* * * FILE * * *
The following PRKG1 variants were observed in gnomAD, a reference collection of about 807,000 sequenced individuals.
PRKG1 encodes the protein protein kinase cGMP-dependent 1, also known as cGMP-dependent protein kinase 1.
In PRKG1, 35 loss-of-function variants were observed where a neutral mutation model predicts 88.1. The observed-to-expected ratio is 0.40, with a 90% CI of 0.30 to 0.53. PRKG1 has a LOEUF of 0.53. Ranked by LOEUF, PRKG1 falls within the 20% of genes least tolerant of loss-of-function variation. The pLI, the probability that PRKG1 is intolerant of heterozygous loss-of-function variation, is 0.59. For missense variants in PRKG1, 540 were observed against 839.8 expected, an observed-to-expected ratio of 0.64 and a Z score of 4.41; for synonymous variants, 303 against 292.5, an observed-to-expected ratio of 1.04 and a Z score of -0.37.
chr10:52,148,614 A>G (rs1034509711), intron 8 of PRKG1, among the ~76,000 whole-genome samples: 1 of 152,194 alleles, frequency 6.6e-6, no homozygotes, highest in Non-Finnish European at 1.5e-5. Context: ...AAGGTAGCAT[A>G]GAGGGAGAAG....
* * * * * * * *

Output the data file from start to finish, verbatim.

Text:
The following PRKG1 variants were observed in gnomAD, a reference collection of about 807,000 sequenced individuals.
PRKG1 encodes the protein protein kinase cGMP-dependent 1, also known as cGMP-dependent protein kinase 1.
In PRKG1, 35 loss-of-function variants were observed where a neutral mutation model predicts 88.1. The observed-to-expected ratio is 0.40, with a 90% CI of 0.30 to 0.53. PRKG1 has a LOEUF of 0.53. Ranked by LOEUF, PRKG1 falls within the 20% of genes least tolerant of loss-of-function variation. The pLI, the probability that PRKG1 is intolerant of heterozygous loss-of-function variation, is 0.59. For missense variants in PRKG1, 540 were observed against 839.8 expected, an observed-to-expected ratio of 0.64 and a Z score of 4.41; for synonymous variants, 303 against 292.5, an observed-to-expected ratio of 1.04 and a Z score of -0.37.
chr10:52,148,614 A>G (rs1034509711), intron 8 of PRKG1, among the ~76,000 whole-genome samples: 1 of 152,194 alleles, frequency 6.6e-6, no homozygotes, highest in Non-Finnish European at 1.5e-5. Context: ...AAGGTAGCAT[A>G]GAGGGAGAAG....